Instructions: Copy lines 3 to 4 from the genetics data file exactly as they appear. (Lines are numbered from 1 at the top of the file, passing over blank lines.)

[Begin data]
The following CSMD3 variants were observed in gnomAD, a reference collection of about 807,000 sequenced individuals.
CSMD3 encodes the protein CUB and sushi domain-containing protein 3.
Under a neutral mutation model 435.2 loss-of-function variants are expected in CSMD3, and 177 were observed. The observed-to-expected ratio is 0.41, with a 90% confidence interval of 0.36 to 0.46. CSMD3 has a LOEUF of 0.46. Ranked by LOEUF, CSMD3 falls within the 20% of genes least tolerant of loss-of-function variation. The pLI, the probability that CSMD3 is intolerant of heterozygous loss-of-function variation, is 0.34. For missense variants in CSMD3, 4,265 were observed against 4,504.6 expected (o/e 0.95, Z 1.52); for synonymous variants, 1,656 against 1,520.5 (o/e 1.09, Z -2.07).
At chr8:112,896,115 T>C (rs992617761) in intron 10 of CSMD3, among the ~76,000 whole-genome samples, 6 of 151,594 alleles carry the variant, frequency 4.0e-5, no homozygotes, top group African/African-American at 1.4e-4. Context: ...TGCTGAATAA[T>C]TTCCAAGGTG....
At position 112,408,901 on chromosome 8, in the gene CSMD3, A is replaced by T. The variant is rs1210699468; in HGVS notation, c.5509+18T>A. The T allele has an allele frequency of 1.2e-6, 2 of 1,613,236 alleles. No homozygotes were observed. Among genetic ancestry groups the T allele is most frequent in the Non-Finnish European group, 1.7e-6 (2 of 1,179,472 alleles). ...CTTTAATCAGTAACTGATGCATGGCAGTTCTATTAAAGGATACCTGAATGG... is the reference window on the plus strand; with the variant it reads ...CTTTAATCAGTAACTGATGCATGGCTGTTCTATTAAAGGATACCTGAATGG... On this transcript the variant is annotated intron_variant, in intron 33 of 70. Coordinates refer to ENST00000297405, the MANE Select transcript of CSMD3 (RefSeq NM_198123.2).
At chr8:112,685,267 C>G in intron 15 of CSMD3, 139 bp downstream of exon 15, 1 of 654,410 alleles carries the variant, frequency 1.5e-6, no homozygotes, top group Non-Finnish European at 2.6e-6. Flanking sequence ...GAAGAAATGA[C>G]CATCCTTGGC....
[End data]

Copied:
Under a neutral mutation model 435.2 loss-of-function variants are expected in CSMD3, and 177 were observed. The observed-to-expected ratio is 0.41, with a 90% confidence interval of 0.36 to 0.46. CSMD3 has a LOEUF of 0.46. Ranked by LOEUF, CSMD3 falls within the 20% of genes least tolerant of loss-of-function variation. The pLI, the probability that CSMD3 is intolerant of heterozygous loss-of-function variation, is 0.34. For missense variants in CSMD3, 4,265 were observed against 4,504.6 expected (o/e 0.95, Z 1.52); for synonymous variants, 1,656 against 1,520.5 (o/e 1.09, Z -2.07).
At chr8:112,896,115 T>C (rs992617761) in intron 10 of CSMD3, among the ~76,000 whole-genome samples, 6 of 151,594 alleles carry the variant, frequency 4.0e-5, no homozygotes, top group African/African-American at 1.4e-4. Context: ...TGCTGAATAA[T>C]TTCCAAGGTG....